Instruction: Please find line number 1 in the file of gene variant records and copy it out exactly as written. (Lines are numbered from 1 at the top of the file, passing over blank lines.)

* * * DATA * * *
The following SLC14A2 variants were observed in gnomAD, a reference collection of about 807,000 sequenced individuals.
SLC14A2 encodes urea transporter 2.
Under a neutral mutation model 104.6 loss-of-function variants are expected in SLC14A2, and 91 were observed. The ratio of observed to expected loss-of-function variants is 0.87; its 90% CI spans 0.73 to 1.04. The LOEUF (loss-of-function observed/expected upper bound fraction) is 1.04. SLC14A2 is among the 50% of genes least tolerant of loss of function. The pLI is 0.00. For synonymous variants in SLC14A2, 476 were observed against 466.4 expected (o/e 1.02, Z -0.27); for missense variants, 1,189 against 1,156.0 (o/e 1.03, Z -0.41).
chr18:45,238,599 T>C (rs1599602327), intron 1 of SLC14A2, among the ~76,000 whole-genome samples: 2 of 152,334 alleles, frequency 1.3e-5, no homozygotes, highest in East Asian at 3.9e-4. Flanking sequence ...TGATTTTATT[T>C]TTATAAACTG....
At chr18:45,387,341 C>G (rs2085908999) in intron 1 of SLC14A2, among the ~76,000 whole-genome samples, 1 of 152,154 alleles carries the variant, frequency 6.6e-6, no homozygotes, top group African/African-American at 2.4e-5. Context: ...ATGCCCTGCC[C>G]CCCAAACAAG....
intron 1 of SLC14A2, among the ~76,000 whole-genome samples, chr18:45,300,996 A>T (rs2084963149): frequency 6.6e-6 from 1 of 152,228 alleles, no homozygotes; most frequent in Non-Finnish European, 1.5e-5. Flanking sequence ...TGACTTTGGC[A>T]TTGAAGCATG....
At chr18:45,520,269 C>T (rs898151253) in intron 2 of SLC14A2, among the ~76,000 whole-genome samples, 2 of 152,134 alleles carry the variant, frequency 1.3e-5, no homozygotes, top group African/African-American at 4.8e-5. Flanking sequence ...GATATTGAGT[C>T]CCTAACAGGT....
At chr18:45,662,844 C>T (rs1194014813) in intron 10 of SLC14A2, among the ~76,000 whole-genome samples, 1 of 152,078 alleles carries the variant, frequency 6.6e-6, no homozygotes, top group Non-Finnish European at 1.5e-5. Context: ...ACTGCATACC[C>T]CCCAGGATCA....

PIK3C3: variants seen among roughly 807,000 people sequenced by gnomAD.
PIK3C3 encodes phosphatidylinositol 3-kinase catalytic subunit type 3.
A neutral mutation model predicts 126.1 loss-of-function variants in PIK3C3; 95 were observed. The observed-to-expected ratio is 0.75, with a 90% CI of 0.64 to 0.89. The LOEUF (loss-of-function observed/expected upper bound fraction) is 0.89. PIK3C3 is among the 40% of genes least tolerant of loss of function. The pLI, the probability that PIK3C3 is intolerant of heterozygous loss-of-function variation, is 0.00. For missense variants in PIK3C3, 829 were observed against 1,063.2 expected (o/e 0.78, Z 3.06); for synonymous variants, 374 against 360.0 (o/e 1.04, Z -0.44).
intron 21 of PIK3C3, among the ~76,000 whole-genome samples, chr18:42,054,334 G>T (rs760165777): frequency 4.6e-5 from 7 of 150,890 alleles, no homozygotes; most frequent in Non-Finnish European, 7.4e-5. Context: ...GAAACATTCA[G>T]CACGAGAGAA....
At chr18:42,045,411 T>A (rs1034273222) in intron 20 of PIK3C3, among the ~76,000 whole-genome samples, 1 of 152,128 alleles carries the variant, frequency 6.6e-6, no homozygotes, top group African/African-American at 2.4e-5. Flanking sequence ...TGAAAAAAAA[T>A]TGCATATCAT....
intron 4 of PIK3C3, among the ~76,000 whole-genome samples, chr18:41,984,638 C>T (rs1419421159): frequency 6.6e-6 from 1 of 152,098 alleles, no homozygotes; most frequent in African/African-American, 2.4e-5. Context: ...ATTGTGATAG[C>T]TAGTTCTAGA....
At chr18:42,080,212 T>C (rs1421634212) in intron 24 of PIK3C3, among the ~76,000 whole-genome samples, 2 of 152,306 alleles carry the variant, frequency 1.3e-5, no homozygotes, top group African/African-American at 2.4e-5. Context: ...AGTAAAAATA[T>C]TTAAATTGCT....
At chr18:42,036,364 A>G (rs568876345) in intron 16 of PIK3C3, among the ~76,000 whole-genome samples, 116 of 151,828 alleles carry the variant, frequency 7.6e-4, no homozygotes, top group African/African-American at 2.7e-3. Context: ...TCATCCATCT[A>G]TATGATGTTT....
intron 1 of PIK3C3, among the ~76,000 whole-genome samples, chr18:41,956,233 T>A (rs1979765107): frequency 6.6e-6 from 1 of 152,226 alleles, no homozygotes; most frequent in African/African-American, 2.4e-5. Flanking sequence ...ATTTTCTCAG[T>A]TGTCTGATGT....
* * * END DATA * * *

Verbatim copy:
The following SLC14A2 variants were observed in gnomAD, a reference collection of about 807,000 sequenced individuals.